14. A person relocation device comprising: Straps which are connected to the hoist and tensioned Achievable Transport Posture All straps Seated Fewer than all straps Seated or Supine At least a subset of the left lateral strap(s) Supine and at least a subset of the right lateral strap(s).

a sheet which defines a person space for a person, the sheet including:
straps comprising at least one left lateral strap, at least one right lateral strap, at least one head end strap and at least one foot end strap;
each strap attached to the sheet only at a perimeter thereof and not extending into the person space, the straps adapted to be connected to a hoist so that when the straps are connected to the hoist as set forth in a left column of the table below, the sheet can achieve suspension of the person in a posture as set forth in a right column:

15. A person relocation device comprising:

a sheet which defines a person space for a person, the sheet including:
straps comprising at least one left lateral strap, at least one right lateral strap, at least one head end strap and at least one foot end strap;
each strap attached to the sheet only at a perimeter thereof and not extending into the person space, the straps adapted to be connected to a hoist so that when a first selection of the straps are connected and tensioned by a weight of the person the sheet suspends the person in a seated posture, and when a second selection of the straps are connected and tensioned by the weight of the person the sheet suspends the person in a supine posture.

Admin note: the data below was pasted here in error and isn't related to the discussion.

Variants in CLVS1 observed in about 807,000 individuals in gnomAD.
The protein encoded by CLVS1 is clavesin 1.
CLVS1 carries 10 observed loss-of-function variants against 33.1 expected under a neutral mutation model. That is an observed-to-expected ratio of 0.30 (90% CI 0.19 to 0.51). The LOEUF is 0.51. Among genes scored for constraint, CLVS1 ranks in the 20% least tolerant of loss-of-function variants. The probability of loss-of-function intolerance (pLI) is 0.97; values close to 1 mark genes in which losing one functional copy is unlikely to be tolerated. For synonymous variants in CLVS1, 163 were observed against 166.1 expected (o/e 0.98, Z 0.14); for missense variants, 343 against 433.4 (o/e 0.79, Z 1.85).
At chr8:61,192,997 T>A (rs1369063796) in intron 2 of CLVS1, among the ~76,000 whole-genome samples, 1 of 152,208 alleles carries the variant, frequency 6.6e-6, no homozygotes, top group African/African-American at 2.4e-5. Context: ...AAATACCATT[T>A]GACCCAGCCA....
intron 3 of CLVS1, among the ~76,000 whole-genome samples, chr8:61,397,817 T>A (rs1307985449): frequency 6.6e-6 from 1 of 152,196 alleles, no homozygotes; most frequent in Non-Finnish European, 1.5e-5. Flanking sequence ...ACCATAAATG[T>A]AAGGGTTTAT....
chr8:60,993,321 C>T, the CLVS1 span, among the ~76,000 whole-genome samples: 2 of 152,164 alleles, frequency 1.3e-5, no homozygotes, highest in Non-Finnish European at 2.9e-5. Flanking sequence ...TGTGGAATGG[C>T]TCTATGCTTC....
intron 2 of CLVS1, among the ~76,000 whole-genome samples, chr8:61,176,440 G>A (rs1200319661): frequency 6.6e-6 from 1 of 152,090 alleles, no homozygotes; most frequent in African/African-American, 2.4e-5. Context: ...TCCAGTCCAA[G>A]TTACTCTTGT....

Patent History
Publication number: 20200397635
Type: Application
Filed: Jun 17, 2020
Publication Date: Dec 24, 2020
Applicant: Liko Research & Development AB (Lulea)
Inventors: Jessica Cushman (Cato, NY), Christopher Yeckel (Batesville, IN)
Application Number: 16/903,436
Classifications
International Classification: A61G 7/10 (20060101); F16B 1/00 (20060101);